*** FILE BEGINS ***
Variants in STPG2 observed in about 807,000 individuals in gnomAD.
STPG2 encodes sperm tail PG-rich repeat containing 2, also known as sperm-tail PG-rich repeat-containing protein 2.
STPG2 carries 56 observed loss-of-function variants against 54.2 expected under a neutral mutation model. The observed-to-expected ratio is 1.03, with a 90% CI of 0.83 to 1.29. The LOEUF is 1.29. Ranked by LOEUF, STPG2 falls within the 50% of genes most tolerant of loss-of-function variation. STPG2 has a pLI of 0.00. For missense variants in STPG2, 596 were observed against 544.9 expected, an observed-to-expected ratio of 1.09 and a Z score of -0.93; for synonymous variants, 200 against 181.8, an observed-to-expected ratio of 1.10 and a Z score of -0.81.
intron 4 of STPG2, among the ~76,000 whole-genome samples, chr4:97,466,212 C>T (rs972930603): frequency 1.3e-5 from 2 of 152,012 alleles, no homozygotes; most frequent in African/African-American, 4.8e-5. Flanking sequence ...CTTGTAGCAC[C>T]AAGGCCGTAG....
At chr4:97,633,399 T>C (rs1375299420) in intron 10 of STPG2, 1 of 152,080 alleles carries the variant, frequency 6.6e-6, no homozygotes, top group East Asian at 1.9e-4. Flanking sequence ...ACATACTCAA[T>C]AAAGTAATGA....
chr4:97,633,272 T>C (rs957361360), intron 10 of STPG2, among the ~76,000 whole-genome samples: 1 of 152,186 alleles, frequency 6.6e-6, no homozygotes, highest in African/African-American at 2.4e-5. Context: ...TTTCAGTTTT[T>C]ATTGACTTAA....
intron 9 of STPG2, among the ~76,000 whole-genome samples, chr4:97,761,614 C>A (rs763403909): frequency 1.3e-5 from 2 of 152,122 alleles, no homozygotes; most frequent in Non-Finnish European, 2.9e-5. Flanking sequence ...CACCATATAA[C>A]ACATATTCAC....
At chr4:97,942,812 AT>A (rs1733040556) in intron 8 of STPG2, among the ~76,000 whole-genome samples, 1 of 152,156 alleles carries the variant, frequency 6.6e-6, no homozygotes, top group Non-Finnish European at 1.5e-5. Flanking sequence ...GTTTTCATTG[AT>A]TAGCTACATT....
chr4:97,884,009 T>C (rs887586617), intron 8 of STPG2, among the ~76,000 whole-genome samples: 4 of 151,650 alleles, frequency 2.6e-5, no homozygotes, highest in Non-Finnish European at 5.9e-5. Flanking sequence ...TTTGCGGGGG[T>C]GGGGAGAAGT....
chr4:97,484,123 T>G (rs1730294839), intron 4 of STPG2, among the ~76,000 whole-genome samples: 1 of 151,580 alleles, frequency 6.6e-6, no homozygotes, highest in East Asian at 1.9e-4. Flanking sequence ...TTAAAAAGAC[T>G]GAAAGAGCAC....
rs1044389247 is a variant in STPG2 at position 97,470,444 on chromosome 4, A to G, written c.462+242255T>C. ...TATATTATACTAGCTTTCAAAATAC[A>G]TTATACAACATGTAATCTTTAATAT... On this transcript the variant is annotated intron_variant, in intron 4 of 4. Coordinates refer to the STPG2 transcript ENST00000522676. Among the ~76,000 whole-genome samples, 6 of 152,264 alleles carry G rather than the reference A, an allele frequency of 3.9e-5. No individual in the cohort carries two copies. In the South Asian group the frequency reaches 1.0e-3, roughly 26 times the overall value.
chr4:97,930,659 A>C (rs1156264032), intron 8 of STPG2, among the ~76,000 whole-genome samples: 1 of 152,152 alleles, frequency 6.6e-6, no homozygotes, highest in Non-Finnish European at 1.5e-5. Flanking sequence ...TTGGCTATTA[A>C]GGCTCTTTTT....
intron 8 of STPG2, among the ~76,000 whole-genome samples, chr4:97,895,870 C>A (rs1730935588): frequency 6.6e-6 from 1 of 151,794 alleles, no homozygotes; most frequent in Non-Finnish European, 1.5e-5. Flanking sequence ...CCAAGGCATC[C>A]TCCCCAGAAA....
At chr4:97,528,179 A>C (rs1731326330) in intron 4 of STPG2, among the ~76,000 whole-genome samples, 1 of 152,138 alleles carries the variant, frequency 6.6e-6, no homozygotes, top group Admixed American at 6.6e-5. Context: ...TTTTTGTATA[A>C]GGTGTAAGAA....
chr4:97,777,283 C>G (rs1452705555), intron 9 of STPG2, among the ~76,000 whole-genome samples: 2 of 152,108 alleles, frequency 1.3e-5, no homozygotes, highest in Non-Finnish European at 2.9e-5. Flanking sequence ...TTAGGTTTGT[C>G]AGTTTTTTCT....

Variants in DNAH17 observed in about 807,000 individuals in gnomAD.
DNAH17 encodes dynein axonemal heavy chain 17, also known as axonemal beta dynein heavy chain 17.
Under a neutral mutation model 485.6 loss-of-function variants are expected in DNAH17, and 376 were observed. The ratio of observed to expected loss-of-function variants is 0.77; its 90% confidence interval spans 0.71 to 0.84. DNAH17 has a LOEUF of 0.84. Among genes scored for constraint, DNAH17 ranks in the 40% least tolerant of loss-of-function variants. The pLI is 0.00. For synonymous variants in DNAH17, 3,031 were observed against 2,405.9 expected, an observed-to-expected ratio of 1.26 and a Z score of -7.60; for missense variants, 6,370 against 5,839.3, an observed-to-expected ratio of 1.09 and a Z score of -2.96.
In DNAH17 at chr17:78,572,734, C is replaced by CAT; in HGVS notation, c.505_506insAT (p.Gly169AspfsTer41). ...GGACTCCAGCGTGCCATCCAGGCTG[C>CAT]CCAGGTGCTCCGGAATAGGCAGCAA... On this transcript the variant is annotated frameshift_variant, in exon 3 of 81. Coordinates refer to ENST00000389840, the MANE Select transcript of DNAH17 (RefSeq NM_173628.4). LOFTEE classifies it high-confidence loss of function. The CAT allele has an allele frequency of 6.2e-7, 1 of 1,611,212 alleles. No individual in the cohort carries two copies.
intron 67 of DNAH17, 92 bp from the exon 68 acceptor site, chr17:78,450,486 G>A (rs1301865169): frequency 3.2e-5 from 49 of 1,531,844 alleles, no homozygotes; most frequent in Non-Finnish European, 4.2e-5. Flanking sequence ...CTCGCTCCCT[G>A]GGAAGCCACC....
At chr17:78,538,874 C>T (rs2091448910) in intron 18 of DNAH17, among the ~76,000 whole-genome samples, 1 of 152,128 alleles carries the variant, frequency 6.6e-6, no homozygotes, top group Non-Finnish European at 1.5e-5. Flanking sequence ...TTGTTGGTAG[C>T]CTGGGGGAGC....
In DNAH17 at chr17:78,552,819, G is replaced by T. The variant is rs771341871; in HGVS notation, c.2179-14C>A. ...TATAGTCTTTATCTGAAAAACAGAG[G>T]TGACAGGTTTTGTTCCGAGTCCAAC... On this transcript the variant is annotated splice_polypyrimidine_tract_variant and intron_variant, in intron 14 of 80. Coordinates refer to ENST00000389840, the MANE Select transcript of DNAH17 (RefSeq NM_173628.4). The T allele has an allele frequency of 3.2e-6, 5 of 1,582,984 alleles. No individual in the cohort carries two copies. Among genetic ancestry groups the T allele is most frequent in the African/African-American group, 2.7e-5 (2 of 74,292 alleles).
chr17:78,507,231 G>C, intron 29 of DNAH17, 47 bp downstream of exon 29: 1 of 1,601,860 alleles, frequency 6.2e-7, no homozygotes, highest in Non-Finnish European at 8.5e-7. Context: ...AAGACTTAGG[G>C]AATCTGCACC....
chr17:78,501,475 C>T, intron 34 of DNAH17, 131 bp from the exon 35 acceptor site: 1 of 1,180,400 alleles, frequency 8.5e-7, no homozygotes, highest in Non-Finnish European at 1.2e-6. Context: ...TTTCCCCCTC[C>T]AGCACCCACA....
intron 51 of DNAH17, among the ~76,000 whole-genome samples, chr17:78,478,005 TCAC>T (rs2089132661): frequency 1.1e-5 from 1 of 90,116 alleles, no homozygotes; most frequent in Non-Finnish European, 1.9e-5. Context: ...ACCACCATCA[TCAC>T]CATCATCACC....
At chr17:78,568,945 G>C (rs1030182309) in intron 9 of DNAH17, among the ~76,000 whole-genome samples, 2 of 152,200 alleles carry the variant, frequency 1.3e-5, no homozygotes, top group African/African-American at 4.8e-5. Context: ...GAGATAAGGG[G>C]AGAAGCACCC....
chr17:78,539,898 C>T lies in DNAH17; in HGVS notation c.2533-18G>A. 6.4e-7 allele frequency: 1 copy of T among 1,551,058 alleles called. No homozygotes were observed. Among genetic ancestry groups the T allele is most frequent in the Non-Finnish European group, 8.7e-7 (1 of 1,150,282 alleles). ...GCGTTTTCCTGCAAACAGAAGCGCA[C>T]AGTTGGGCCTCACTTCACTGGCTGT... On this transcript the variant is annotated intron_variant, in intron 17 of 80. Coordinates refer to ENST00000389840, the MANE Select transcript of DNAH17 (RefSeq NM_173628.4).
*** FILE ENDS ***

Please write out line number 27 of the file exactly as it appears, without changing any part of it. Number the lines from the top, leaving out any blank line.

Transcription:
chr17:78,539,898 C>T lies in DNAH17; in HGVS notation c.2533-18G>A. 6.4e-7 allele frequency: 1 copy of T among 1,551,058 alleles called. No homozygotes were observed. Among genetic ancestry groups the T allele is most frequent in the Non-Finnish European group, 8.7e-7 (1 of 1,150,282 alleles). ...GCGTTTTCCTGCAAACAGAAGCGCA[C>T]AGTTGGGCCTCACTTCACTGGCTGT... On this transcript the variant is annotated intron_variant, in intron 17 of 80. Coordinates refer to ENST00000389840, the MANE Select transcript of DNAH17 (RefSeq NM_173628.4).